Don’t let your laundry dictate the look of the space. Bold floor and/or wall tiles are a great way of bringing focus to the soothing bathing zone, and will direct attention away from the working area.

Dedicated laundry room

In a busy household with lots of children and animals – cue piles of muddy boots and paw prints – designing your laundry space close to the kitchen and back door makes a lot of sense. As well as being somewhere to stash your laundry out of sight, it’s a close walk to the outside washing line and useful place to let the dog dry off after a muddy walk.

The laundry can become a mudroom and it doesn’t necessarily have to be bigger to work better. Make the most of your walls and nooks – think vertically and use a combination of rails, shelves and baskets on your walls to store everything from coats, detergents and your iron. Including adequate bench space means there’s ample room for sorting and folding clothes.

 

Hidden nook

Building a small inner-city home or a weekender? Perhaps having a dedicated laundry room is not the best option.

European laundries, otherwise known as a ‘laundry in a cupboard,’ are a space-saving hero. White goods can be tucked under a kitchen or work bench, squeezed under the stairs or simply placed in a cupboard in the hallway. Having a laundry tucked discreetly behind doors minimises the space requirement without compromising on functionality and helps to create a streamlined home. Sometimes out of sight, out of mind is best. They work particularly well in single-fronted terrace homes where space is at a premium.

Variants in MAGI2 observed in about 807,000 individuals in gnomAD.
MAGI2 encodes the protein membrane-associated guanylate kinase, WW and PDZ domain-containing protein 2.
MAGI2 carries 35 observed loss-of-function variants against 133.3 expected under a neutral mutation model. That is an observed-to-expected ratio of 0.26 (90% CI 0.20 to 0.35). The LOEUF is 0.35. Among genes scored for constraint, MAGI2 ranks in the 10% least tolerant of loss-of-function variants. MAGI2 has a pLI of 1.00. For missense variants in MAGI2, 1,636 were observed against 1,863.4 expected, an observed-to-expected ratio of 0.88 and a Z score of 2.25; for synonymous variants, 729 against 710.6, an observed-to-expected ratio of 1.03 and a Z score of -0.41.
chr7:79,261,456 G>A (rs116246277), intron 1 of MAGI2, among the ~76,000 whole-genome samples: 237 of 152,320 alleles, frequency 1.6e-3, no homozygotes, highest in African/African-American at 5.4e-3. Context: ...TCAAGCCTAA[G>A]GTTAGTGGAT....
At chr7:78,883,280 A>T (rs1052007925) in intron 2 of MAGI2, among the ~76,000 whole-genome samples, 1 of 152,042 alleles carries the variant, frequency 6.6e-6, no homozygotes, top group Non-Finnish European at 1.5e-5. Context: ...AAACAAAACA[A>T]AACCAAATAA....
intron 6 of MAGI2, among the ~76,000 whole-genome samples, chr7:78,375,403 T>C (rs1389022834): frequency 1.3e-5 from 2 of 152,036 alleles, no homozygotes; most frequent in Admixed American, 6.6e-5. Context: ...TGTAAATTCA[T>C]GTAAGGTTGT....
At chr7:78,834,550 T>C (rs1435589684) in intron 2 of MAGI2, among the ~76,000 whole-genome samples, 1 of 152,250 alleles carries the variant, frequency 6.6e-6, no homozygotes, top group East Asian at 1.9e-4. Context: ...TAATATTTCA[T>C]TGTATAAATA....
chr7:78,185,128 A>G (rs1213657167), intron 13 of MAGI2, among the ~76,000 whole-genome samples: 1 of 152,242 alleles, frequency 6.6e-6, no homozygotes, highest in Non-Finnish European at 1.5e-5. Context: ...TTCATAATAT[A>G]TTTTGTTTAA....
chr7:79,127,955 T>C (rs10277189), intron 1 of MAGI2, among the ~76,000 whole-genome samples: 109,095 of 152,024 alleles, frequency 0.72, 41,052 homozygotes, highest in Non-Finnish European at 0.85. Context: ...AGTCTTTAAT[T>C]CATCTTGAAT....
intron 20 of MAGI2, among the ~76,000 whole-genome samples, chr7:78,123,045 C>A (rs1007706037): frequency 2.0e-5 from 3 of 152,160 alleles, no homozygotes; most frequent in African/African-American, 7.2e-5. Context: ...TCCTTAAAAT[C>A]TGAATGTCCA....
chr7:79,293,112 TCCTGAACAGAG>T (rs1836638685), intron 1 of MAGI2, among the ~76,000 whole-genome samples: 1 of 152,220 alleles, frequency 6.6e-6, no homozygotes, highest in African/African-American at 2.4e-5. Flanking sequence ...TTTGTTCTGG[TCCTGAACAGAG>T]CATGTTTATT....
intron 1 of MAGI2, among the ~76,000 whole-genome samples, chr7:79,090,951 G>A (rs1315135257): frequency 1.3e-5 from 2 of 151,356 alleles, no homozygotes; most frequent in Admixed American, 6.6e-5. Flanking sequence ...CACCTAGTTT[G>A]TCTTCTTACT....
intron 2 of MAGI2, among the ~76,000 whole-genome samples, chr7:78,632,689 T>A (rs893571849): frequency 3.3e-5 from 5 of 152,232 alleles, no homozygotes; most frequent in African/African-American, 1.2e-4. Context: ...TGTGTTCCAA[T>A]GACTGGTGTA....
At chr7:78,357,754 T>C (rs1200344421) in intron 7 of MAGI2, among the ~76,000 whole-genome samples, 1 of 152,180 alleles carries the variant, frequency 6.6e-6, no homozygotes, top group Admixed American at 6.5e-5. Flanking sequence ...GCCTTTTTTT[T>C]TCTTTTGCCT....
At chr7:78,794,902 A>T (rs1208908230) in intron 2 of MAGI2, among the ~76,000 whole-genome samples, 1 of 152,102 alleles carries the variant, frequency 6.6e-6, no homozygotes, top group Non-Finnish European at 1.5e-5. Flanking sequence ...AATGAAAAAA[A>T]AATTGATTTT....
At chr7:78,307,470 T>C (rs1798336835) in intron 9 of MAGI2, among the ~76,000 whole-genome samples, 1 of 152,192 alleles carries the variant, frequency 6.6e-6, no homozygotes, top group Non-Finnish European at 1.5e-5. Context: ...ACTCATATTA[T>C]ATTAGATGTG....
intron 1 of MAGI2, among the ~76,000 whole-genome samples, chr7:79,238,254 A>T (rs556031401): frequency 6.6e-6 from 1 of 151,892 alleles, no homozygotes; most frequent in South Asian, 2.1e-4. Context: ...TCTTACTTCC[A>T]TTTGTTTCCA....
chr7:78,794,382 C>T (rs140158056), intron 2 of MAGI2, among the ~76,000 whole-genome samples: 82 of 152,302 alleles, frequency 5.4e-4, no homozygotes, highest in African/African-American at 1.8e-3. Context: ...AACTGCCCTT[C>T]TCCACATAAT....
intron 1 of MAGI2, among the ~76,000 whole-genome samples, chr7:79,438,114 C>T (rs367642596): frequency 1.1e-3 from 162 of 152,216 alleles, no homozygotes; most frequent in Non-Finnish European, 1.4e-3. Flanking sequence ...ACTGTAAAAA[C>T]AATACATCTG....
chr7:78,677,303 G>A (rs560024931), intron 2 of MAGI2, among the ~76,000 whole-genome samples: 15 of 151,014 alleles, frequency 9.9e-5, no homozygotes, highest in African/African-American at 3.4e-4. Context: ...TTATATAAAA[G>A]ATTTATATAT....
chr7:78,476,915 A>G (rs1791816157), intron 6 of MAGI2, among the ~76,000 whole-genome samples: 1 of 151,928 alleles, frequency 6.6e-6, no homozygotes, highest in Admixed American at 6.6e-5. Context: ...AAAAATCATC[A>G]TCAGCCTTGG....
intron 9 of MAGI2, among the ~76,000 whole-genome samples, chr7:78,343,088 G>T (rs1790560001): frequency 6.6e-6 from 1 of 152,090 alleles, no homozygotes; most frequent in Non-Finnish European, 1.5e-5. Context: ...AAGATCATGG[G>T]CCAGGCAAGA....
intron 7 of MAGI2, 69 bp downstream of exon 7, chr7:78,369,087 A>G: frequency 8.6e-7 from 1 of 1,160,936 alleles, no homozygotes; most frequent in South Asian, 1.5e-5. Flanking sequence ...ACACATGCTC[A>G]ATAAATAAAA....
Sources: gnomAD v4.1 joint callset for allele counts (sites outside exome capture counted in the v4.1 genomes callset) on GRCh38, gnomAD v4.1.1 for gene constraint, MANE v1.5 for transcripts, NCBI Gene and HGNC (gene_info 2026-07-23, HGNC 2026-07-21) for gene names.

Small laundry room designs should consider stacking the washer and dryer on top of each other to save on space. This obviously works only if you have a front loader washing machine.

Hanging a rail turns the void above the sink into a useful space too.

2. Ensure you have adequate storage

Brooklyn laundry by Modscape

Clutter chaos causes frustration, an organised space keeps you feeling calm. Regardless of whether you have a large laundry room or a small laundry cupboard, having adequate and smart storage solutions will help the functionality of your laundry space.

For maximum functionality consider incorporating a drying rack that tucks away into a cabinet and somewhere to hang your ironing board. Multiple storage baskets or a set of sorting drawers are practical additions if you have the room.

 

3. Select energy efficient appliances